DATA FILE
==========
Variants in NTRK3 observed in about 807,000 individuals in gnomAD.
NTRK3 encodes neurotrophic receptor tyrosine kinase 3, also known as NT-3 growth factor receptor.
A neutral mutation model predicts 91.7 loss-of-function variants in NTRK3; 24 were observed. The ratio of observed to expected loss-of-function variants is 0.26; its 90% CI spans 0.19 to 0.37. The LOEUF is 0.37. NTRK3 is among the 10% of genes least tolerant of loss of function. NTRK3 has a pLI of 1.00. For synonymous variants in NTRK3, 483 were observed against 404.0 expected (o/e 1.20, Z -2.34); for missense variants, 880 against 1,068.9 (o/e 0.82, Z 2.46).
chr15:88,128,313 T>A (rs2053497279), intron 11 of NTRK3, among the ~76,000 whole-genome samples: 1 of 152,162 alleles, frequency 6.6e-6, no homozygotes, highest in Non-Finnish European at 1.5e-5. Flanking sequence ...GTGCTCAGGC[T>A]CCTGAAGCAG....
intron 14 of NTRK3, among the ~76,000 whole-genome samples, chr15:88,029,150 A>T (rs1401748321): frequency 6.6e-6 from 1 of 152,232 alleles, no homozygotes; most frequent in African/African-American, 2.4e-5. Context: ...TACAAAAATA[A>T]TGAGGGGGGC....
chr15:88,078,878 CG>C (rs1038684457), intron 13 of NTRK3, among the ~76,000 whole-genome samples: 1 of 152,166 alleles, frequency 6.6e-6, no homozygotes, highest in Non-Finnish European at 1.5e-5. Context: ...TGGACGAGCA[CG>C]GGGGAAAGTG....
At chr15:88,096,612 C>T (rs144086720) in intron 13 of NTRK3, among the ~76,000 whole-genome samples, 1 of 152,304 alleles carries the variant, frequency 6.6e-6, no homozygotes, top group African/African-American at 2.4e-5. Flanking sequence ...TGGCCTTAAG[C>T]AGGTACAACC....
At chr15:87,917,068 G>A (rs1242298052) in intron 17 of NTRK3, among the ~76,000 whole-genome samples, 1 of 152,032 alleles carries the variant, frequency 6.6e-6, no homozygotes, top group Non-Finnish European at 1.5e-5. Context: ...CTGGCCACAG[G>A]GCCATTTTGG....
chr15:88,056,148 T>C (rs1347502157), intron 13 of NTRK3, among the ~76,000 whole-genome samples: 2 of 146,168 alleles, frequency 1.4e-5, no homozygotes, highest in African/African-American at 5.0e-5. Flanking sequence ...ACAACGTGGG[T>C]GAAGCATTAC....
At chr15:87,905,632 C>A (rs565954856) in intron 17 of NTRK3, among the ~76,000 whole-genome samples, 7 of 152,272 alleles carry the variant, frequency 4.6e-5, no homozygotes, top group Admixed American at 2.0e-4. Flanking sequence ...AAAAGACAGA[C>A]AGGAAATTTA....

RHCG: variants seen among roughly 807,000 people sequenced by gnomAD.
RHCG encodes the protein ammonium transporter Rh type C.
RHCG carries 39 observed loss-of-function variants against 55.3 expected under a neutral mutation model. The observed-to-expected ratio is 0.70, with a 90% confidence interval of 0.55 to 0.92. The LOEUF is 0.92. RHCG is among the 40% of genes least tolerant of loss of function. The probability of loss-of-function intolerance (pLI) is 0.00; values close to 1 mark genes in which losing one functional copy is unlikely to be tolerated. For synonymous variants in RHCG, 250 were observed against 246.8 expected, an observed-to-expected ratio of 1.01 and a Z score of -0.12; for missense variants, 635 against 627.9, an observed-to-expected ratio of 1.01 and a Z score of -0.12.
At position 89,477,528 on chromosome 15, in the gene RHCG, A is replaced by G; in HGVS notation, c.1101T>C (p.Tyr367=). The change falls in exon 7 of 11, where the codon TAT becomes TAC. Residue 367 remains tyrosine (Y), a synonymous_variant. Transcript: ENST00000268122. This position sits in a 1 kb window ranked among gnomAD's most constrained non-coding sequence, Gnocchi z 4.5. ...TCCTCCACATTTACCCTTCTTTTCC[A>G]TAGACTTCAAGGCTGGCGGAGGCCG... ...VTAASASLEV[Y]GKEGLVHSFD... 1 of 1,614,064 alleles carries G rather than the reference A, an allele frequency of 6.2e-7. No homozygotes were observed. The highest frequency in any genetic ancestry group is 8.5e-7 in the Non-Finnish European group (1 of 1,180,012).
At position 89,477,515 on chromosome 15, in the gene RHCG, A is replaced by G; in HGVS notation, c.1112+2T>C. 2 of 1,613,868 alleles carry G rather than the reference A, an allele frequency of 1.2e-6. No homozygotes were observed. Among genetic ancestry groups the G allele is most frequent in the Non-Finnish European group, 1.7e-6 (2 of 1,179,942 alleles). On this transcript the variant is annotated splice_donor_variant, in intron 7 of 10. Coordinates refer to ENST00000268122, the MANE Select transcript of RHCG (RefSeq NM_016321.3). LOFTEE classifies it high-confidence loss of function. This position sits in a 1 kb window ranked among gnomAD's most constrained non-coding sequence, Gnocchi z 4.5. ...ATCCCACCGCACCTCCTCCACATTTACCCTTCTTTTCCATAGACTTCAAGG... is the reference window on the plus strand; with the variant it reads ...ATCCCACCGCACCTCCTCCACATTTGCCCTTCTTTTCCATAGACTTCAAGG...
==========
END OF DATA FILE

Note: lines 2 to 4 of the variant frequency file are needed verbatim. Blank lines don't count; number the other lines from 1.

NTRK3 encodes neurotrophic receptor tyrosine kinase 3, also known as NT-3 growth factor receptor.
A neutral mutation model predicts 91.7 loss-of-function variants in NTRK3; 24 were observed. The ratio of observed to expected loss-of-function variants is 0.26; its 90% CI spans 0.19 to 0.37. The LOEUF is 0.37. NTRK3 is among the 10% of genes least tolerant of loss of function. NTRK3 has a pLI of 1.00. For synonymous variants in NTRK3, 483 were observed against 404.0 expected (o/e 1.20, Z -2.34); for missense variants, 880 against 1,068.9 (o/e 0.82, Z 2.46).
chr15:88,128,313 T>A (rs2053497279), intron 11 of NTRK3, among the ~76,000 whole-genome samples: 1 of 152,162 alleles, frequency 6.6e-6, no homozygotes, highest in Non-Finnish European at 1.5e-5. Flanking sequence ...GTGCTCAGGC[T>A]CCTGAAGCAG....